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Siberia v3 review: An old veteran gets an under-the-hood upgrade

Hayden Dingman | Jan. 19, 2015
The SteelSeries Siberia v2 is one of the venerable old men of the audio landscape. With its suspension headband and solid sound, it's been a go-to of many players for years and years and years.

Unfortunately the v3 doesn't come with a way to tweak its sound profile, leaving you stuck with what you get out-of-box (unless you routinely tweak your headsets through third-party software). You could shell out another $40 for the v3 Prism and gain access to both EQ and lighting effects, but that's your call. Personally I'd spend the extra if you're already committed to buying the v3, since I'd rather have the option to tweak with SteelSeries Engine, but that's ultimately neither here nor there as far as this review is concerned.

The microphone on the v3 is good — better even than that found in last year's Siberia Elite. It could do with a bit of a volume boost, and lacking any bass it leaves your voice sounding nasally, but at least everything comes through clear.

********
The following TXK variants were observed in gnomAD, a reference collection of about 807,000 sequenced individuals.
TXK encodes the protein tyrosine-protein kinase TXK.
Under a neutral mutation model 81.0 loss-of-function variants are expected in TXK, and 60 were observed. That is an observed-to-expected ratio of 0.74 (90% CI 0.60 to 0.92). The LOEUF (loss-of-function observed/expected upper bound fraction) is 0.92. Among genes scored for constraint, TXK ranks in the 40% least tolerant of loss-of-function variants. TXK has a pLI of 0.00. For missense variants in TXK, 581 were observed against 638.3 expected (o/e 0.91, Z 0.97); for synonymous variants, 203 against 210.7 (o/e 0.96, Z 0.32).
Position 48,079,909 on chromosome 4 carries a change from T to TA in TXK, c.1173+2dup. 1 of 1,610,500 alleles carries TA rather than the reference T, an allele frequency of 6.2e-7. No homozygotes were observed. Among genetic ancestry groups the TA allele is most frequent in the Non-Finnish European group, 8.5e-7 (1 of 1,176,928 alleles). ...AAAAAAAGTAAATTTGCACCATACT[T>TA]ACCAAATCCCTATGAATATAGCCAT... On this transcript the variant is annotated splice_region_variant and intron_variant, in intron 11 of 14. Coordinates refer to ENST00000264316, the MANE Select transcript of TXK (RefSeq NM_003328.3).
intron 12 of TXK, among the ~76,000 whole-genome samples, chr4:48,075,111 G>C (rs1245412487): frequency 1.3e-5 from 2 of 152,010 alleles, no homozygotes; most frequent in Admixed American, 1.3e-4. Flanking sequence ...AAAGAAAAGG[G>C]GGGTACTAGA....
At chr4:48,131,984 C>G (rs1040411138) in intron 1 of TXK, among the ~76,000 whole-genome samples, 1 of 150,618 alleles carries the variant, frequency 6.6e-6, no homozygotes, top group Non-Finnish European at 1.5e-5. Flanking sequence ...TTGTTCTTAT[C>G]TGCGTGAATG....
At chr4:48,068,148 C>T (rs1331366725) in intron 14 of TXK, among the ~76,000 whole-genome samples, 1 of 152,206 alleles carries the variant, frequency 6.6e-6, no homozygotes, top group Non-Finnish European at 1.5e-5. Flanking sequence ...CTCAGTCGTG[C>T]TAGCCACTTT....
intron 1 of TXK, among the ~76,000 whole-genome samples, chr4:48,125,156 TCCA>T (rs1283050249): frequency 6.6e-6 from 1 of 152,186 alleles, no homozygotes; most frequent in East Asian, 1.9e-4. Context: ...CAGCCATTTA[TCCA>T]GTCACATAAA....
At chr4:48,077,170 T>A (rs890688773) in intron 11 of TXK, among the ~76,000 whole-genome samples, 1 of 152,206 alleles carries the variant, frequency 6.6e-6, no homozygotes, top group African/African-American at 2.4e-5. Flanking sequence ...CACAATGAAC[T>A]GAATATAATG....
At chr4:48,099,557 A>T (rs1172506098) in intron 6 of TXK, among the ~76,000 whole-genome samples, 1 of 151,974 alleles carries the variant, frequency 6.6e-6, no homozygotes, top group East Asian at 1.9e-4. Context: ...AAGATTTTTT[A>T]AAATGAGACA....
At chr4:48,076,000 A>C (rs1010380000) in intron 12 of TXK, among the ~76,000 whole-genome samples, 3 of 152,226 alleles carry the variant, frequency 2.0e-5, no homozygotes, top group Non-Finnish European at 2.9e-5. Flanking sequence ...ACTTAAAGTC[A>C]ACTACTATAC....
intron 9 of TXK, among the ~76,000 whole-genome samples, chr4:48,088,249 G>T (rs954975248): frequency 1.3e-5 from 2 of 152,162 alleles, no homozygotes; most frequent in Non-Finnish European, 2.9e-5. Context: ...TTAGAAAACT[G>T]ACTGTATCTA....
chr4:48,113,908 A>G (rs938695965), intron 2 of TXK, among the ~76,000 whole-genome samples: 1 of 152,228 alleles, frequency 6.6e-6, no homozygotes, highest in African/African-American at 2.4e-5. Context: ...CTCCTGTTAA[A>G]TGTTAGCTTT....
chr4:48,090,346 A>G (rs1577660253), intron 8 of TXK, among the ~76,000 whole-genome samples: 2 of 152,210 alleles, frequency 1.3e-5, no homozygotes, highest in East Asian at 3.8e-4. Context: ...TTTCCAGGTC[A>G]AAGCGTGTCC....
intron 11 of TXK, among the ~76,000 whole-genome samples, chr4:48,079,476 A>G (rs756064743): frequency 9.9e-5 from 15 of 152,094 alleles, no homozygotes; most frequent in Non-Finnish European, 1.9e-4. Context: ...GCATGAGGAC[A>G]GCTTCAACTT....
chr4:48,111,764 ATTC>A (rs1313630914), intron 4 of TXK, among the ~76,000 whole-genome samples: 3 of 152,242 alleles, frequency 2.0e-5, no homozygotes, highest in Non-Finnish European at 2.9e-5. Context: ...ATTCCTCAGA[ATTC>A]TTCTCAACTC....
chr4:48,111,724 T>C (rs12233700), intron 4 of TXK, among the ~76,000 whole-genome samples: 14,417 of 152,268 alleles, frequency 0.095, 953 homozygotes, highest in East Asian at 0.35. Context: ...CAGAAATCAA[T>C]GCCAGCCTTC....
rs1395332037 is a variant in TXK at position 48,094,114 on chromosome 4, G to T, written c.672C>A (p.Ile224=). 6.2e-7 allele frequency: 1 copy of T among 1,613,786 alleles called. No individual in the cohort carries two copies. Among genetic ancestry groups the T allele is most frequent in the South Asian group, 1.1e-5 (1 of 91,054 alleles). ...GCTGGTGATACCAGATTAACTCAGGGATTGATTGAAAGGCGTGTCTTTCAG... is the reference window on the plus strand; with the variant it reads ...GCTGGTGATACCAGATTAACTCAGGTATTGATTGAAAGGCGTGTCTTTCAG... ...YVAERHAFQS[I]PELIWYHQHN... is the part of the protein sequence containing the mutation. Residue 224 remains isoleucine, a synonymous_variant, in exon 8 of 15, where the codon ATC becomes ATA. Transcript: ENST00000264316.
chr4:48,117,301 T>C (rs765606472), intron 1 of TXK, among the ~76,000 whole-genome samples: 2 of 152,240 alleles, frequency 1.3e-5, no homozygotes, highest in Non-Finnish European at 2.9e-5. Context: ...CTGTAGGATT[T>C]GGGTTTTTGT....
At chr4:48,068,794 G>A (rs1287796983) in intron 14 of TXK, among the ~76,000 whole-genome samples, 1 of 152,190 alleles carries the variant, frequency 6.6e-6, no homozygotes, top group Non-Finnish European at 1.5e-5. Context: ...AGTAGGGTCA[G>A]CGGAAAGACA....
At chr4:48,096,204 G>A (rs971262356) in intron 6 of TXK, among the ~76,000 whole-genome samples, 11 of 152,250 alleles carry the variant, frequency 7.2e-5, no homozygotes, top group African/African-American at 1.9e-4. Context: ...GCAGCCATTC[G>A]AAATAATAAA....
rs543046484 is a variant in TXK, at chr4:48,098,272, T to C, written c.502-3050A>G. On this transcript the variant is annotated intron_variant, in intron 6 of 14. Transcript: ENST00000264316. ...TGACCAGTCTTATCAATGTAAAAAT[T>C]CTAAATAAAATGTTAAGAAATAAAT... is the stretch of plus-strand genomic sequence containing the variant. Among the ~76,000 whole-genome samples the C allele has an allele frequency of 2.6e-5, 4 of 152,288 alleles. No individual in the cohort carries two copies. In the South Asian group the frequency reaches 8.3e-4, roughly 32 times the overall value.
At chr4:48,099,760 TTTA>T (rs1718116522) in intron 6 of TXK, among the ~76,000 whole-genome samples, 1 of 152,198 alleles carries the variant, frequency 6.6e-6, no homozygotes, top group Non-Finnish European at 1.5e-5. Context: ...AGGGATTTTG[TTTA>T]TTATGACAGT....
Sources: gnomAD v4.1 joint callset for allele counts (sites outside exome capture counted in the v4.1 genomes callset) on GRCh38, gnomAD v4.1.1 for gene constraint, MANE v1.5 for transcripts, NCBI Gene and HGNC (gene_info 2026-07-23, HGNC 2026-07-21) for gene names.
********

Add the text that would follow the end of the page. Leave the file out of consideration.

My biggest complaint with the v3 is the control options. The v2 came with in-line controls, meaning you could change volume as well as mute/unmute the microphone from a small box on the cable. Since then, SteelSeries has decided that controls built into the headset are the future, and I don't necessarily disagree.

However, the v3 only features a mute/unmute switch on the headset. There's no on-the-fly volume control at all, which is a huge pain especially when you're in the middle of a game. In this respect, the v3 actually feels like a step backward from its predecessor and from similarly-priced competitors.

Bottom line

SteelSeries hasn't changed much when it comes to the Siberia v3, and maybe the company felt like it didn't need to. The v2 is still one of the most popular headsets in the entire industry, and the v3 makes modest tweaks without completely upending the formula.

For $100 this is a solid headset with solid sound and extreme comfort undercut by a lack of on-the-fly controls, a middling microphone, and a sound profile that lacks the out-of-the-box tweaking allowed by other similarly-priced competitors. Shell out for the $140 v3 Prism if you want to unlock this headset's full potential, or maybe check out the cheap-until-they-run-out-of-units Siberia v2.

 

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